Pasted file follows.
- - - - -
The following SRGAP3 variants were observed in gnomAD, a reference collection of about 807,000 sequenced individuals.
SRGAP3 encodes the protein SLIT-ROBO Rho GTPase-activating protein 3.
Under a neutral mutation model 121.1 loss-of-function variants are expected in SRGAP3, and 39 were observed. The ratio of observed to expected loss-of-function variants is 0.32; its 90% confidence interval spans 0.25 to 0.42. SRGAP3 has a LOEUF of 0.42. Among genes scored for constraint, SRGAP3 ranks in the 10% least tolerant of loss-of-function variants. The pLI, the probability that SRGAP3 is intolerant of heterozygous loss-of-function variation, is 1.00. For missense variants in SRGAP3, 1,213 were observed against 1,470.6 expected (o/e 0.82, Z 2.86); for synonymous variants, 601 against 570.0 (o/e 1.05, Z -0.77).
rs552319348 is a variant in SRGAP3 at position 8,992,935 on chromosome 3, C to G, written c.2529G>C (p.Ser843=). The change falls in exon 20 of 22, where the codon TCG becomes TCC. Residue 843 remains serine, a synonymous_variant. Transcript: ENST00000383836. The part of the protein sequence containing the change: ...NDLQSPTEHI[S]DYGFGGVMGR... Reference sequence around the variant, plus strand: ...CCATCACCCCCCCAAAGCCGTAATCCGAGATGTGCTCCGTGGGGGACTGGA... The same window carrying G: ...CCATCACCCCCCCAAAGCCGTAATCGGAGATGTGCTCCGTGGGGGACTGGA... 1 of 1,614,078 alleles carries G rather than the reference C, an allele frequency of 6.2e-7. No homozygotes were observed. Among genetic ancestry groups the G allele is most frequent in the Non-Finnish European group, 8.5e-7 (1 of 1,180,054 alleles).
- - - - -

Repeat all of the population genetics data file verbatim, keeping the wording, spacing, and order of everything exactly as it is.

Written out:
The following SRGAP3 variants were observed in gnomAD, a reference collection of about 807,000 sequenced individuals.
SRGAP3 encodes the protein SLIT-ROBO Rho GTPase-activating protein 3.
Under a neutral mutation model 121.1 loss-of-function variants are expected in SRGAP3, and 39 were observed. The ratio of observed to expected loss-of-function variants is 0.32; its 90% confidence interval spans 0.25 to 0.42. SRGAP3 has a LOEUF of 0.42. Among genes scored for constraint, SRGAP3 ranks in the 10% least tolerant of loss-of-function variants. The pLI, the probability that SRGAP3 is intolerant of heterozygous loss-of-function variation, is 1.00. For missense variants in SRGAP3, 1,213 were observed against 1,470.6 expected (o/e 0.82, Z 2.86); for synonymous variants, 601 against 570.0 (o/e 1.05, Z -0.77).
rs552319348 is a variant in SRGAP3 at position 8,992,935 on chromosome 3, C to G, written c.2529G>C (p.Ser843=). The change falls in exon 20 of 22, where the codon TCG becomes TCC. Residue 843 remains serine, a synonymous_variant. Transcript: ENST00000383836. The part of the protein sequence containing the change: ...NDLQSPTEHI[S]DYGFGGVMGR... Reference sequence around the variant, plus strand: ...CCATCACCCCCCCAAAGCCGTAATCCGAGATGTGCTCCGTGGGGGACTGGA... The same window carrying G: ...CCATCACCCCCCCAAAGCCGTAATCGGAGATGTGCTCCGTGGGGGACTGGA... 1 of 1,614,078 alleles carries G rather than the reference C, an allele frequency of 6.2e-7. No homozygotes were observed. Among genetic ancestry groups the G allele is most frequent in the Non-Finnish European group, 8.5e-7 (1 of 1,180,054 alleles).